Look at the statistics. In the last few decades, the average income of the top 1 percent has gone up by more than 250 percent to $1.2 million per year. I’m not talking about millionaires, people who have a million dollars. I’m saying people who make a million dollars every single year. For the top one hundredth of 1 percent, the average income is now $27 million per year. The typical CEO who used to earn about 30 times more than his or her worker now earns 110 times more. And yet, over the last decade the incomes of most Americans have actually fallen by about 6 percent.

Now, this kind of inequality — a level that we haven’t seen since the Great Depression — hurts us all. When middle-class families can no longer afford to buy the goods and services that businesses are selling, when people are slipping out of the middle class, it drags down the entire economy from top to bottom. America was built on the idea of broad-based prosperity, of strong consumers all across the country. That’s why a CEO like Henry Ford made it his mission to pay his workers enough so that they could buy the cars he made. It’s also why a recent study showed that countries with less inequality tend to have stronger and steadier economic growth over the long run.

Inequality also distorts our democracy. It gives an outsized voice to the few who can afford high-priced lobbyists and unlimited campaign contributions, and it runs the risk of selling out our democracy to the highest bidder. (Applause.) It leaves everyone else rightly suspicious that the system in Washington is rigged against them, that our elected representatives aren’t looking out for the interests of most Americans.

But there’s an even more fundamental issue at stake. This kind of gaping inequality gives lie to the promise that’s at the very heart of America: that this is a place where you can make it if you try. We tell people — we tell our kids — that in this country, even if you’re born with nothing, work hard and you can get into the middle class. We tell them that your children will have a chance to do even better than you do. That’s why immigrants from around the world historically have flocked to our shores.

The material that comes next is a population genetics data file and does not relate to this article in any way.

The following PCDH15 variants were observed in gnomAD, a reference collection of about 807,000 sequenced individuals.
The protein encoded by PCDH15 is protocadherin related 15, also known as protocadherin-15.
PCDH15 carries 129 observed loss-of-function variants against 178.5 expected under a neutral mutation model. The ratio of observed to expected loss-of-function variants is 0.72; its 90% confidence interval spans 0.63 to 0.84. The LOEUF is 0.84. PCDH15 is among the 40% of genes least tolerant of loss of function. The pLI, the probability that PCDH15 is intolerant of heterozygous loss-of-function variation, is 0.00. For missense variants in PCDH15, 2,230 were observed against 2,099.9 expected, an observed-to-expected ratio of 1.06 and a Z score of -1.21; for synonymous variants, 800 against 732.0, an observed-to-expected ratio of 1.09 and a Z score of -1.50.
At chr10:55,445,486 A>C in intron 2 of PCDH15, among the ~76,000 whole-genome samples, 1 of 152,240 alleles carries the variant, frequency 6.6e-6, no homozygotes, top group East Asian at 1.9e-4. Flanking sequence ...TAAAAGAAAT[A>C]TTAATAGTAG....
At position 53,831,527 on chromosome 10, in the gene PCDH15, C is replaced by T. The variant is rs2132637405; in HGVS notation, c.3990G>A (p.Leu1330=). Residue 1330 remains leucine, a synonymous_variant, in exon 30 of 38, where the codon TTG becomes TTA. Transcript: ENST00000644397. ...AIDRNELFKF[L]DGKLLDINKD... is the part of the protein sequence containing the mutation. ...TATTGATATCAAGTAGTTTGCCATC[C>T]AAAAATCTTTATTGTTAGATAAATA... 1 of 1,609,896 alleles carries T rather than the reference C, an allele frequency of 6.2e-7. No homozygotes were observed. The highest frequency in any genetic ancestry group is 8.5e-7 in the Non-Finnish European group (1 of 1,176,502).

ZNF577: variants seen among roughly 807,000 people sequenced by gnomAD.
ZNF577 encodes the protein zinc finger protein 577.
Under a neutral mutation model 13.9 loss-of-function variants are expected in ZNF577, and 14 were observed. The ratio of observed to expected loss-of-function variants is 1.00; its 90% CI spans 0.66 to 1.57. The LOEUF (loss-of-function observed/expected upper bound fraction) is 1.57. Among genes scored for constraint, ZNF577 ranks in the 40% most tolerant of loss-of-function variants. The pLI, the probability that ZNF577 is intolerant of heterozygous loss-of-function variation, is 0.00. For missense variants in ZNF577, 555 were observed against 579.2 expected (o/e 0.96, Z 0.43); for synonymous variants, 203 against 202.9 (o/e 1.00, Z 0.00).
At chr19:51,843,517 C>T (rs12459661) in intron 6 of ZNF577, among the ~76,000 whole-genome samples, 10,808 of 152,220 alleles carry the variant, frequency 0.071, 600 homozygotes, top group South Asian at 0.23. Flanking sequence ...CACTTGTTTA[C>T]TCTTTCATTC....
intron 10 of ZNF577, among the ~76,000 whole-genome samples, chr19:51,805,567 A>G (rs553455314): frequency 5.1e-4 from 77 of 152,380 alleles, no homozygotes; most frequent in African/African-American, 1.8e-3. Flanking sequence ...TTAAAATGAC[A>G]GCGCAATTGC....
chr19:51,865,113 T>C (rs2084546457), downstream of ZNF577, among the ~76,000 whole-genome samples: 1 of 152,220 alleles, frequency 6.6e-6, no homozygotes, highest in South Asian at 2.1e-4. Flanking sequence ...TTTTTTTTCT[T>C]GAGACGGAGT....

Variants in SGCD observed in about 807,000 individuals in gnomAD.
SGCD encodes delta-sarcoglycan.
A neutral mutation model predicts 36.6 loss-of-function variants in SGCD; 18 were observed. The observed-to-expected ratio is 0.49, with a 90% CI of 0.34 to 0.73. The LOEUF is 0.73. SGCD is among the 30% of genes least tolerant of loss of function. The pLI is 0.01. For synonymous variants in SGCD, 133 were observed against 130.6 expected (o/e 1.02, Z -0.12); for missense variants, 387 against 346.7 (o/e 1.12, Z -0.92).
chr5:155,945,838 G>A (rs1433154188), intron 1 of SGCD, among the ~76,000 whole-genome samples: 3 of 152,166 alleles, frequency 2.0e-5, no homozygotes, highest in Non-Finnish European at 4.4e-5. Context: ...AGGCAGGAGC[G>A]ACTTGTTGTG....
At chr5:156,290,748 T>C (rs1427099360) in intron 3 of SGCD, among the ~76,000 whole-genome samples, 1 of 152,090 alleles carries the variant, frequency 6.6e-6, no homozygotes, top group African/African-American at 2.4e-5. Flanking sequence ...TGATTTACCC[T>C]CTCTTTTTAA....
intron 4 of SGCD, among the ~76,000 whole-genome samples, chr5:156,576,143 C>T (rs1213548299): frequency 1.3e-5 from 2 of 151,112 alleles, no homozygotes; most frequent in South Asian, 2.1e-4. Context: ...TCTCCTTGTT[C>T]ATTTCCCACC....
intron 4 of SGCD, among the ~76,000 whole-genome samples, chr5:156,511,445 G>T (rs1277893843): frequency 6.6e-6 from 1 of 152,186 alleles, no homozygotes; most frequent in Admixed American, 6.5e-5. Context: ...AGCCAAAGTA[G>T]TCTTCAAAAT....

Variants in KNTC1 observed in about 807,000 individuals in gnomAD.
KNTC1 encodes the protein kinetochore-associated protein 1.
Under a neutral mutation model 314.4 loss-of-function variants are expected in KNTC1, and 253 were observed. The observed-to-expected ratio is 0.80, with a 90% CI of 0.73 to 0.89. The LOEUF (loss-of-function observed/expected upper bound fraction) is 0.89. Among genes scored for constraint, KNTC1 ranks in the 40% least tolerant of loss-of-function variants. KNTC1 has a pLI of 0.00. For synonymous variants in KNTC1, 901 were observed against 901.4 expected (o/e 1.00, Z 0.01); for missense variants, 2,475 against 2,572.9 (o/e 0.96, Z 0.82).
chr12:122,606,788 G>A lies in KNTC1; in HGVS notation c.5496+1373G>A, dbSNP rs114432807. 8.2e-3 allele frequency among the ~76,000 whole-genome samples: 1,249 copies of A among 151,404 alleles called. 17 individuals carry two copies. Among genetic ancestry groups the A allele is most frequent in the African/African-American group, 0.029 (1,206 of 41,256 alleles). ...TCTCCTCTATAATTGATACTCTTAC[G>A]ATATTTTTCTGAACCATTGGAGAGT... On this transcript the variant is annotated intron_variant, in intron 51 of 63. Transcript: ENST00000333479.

And yet, over the last few decades, the rungs on the ladder of opportunity have grown farther and farther apart, and the middle class has shrunk. You know, a few years after World War II, a child who was born into poverty had a slightly better than 50-50 chance of becoming middle class as an adult. By 1980, that chance had fallen to around 40 percent. And if the trend of rising inequality over the last few decades continues, it’s estimated that a child born today will only have a one-in-three chance of making it to the middle class — 33 percent.

It’s heartbreaking enough that there are millions of working families in this country who are now forced to take their children to food banks for a decent meal. But the idea that those children might not have a chance to climb out of that situation and back into the middle class, no matter how hard they work? That’s inexcusable. It is wrong. (Applause.) It flies in the face of everything that we stand for. (Applause.)

Now, fortunately, that’s not a future that we have to accept, because there’s another view about how we build a strong middle class in this country — a view that’s truer to our history, a vision that’s been embraced in the past by people of both parties for more than 200 years.

It’s not a view that we should somehow turn back technology or put up walls around America. It’s not a view that says we should punish profit or success or pretend that government knows how to fix all of society’s problems. It is a view that says in America we are greater together — when everyone engages in fair play and everybody gets a fair shot and everybody does their fair share. (Applause.)

So what does that mean for restoring middle-class security in today’s economy? Well, it starts by making sure that everyone in America gets a fair shot at success. The truth is we’ll never be able to compete with other countries when it comes to who’s best at letting their businesses pay the lowest wages, who’s best at busting unions, who’s best at letting companies pollute as much as they want. That’s a race to the bottom that we can’t win, and we shouldn’t want to win that race. (Applause.) Those countries don’t have a strong middle class. They don’t have our standard of living.